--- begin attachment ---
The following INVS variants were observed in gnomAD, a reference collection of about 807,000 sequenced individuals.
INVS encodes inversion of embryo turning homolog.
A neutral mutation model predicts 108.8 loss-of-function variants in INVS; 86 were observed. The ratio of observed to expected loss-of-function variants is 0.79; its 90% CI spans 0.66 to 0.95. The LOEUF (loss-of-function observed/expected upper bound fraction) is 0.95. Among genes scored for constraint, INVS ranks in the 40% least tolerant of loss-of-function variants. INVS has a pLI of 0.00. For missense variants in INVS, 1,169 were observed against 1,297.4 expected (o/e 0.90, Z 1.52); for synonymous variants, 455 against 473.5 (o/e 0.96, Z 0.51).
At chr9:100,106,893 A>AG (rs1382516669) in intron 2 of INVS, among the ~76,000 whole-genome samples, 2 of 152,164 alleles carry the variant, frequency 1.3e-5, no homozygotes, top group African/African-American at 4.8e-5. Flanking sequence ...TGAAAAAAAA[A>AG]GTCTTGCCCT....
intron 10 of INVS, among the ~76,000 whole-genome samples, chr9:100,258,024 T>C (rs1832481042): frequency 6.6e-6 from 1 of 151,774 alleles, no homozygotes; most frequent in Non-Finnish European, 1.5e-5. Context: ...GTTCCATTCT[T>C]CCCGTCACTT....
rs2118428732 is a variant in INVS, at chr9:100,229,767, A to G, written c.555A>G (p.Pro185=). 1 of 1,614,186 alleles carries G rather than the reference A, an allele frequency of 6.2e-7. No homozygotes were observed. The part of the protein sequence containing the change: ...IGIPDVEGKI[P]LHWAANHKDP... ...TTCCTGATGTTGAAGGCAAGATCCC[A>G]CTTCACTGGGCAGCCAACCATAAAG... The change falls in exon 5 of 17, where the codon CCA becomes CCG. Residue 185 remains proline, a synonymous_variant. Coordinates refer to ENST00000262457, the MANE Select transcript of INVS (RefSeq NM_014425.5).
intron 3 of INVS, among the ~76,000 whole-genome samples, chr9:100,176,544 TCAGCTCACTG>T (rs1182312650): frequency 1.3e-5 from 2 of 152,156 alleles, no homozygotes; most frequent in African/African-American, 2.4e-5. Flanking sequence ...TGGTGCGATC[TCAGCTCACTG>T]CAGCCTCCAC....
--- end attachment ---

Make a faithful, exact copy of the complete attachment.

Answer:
The following INVS variants were observed in gnomAD, a reference collection of about 807,000 sequenced individuals.
INVS encodes inversion of embryo turning homolog.
A neutral mutation model predicts 108.8 loss-of-function variants in INVS; 86 were observed. The ratio of observed to expected loss-of-function variants is 0.79; its 90% CI spans 0.66 to 0.95. The LOEUF (loss-of-function observed/expected upper bound fraction) is 0.95. Among genes scored for constraint, INVS ranks in the 40% least tolerant of loss-of-function variants. INVS has a pLI of 0.00. For missense variants in INVS, 1,169 were observed against 1,297.4 expected (o/e 0.90, Z 1.52); for synonymous variants, 455 against 473.5 (o/e 0.96, Z 0.51).
At chr9:100,106,893 A>AG (rs1382516669) in intron 2 of INVS, among the ~76,000 whole-genome samples, 2 of 152,164 alleles carry the variant, frequency 1.3e-5, no homozygotes, top group African/African-American at 4.8e-5. Flanking sequence ...TGAAAAAAAA[A>AG]GTCTTGCCCT....
intron 10 of INVS, among the ~76,000 whole-genome samples, chr9:100,258,024 T>C (rs1832481042): frequency 6.6e-6 from 1 of 151,774 alleles, no homozygotes; most frequent in Non-Finnish European, 1.5e-5. Context: ...GTTCCATTCT[T>C]CCCGTCACTT....
rs2118428732 is a variant in INVS, at chr9:100,229,767, A to G, written c.555A>G (p.Pro185=). 1 of 1,614,186 alleles carries G rather than the reference A, an allele frequency of 6.2e-7. No homozygotes were observed. The part of the protein sequence containing the change: ...IGIPDVEGKI[P]LHWAANHKDP... ...TTCCTGATGTTGAAGGCAAGATCCC[A>G]CTTCACTGGGCAGCCAACCATAAAG... The change falls in exon 5 of 17, where the codon CCA becomes CCG. Residue 185 remains proline, a synonymous_variant. Coordinates refer to ENST00000262457, the MANE Select transcript of INVS (RefSeq NM_014425.5).
intron 3 of INVS, among the ~76,000 whole-genome samples, chr9:100,176,544 TCAGCTCACTG>T (rs1182312650): frequency 1.3e-5 from 2 of 152,156 alleles, no homozygotes; most frequent in African/African-American, 2.4e-5. Flanking sequence ...TGGTGCGATC[TCAGCTCACTG>T]CAGCCTCCAC....